Opera star Domingo lauded in London as one of a kind
By Mike Collett-White
LONDON (Reuters) - Spanish singer Placido Domingo marked his 40th anniversary at London's Royal Opera House with a gala concert late Thursday that was greeted with one of the longest and loudest curtain calls the venue has seen in years.
Yet amid the celebrations for the 70-year-old's distinguished career, there came warnings that his like may not be seen again in a time when finding the "next big thing" could deny singers the time to develop into genuine greats.
For one, unlike many other members of the opera royalty, Domingo does not do hissy fits, tantrums and last-minute cancellations.
Instead, it seems, the man with the golden voice and acting abilities appears to be loved just as much for his professionalism and generosity on and off stage.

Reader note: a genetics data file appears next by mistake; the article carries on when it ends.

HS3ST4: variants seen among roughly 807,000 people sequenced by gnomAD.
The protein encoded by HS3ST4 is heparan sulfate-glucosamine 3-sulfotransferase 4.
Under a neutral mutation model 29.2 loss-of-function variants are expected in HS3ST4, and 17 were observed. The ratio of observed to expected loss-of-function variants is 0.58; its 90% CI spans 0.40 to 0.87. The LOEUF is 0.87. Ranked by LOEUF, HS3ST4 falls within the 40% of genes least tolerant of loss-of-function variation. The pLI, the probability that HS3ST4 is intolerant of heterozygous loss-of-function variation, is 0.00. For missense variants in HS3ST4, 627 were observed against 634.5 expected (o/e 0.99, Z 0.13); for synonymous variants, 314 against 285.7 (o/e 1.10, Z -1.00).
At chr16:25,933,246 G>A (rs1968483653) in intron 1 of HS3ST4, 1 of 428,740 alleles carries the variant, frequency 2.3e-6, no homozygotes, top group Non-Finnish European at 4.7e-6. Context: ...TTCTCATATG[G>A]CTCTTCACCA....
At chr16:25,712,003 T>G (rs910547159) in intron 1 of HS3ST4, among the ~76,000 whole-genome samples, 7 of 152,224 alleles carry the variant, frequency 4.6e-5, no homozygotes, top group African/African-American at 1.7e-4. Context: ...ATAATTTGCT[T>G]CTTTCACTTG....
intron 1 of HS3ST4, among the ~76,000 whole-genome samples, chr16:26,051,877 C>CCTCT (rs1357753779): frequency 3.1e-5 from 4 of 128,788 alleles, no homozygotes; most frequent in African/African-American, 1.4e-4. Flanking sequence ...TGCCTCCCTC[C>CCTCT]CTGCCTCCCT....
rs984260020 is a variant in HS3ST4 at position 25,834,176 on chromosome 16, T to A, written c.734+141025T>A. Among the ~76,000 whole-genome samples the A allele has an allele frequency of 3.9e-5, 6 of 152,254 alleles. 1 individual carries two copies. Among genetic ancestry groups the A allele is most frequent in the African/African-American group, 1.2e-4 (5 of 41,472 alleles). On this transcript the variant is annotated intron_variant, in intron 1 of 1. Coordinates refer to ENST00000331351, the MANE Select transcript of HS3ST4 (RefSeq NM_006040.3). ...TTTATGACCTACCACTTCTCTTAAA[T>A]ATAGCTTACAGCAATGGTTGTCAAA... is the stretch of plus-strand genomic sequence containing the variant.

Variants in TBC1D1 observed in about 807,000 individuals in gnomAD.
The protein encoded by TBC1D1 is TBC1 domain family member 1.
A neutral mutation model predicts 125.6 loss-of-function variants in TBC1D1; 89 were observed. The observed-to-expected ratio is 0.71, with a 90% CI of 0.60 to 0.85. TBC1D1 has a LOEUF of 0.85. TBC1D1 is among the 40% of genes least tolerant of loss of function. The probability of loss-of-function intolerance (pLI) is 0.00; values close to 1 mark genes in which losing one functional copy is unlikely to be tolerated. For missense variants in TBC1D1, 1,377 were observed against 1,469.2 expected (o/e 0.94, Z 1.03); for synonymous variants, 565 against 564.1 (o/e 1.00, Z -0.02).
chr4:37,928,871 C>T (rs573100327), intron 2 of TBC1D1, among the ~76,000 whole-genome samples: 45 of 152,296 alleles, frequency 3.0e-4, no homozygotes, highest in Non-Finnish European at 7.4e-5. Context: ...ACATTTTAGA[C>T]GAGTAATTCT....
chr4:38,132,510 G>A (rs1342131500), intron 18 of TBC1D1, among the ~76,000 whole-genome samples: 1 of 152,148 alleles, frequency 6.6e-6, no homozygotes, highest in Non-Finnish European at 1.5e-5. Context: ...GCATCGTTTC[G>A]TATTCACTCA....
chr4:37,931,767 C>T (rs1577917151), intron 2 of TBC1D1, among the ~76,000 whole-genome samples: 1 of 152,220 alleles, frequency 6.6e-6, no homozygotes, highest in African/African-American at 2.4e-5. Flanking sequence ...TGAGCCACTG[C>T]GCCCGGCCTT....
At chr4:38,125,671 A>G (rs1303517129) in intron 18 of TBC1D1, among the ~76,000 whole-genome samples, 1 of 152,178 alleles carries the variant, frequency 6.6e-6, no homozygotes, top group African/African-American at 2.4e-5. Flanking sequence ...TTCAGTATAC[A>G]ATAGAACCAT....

"You'll never hear anyone in the industry say a bad word about him," said veteran opera photographer Rob Moore, who was at Covent Garden in 1971 when Domingo made his debut there.
The sellout crowd paying up to 225 pounds ($360) a seat saw Domingo perform the final acts of three of his favorite Verdi operas.
In "Otello," he sang the title role written for a tenor, the register that made him one of the most famous singers of his generation with Luciano Pavarotti and Jose Carreras.
Domingo recently switched to baritone, and performed the title roles in the closing scenes of "Rigoletto" and "Simon Boccanegra." Continued...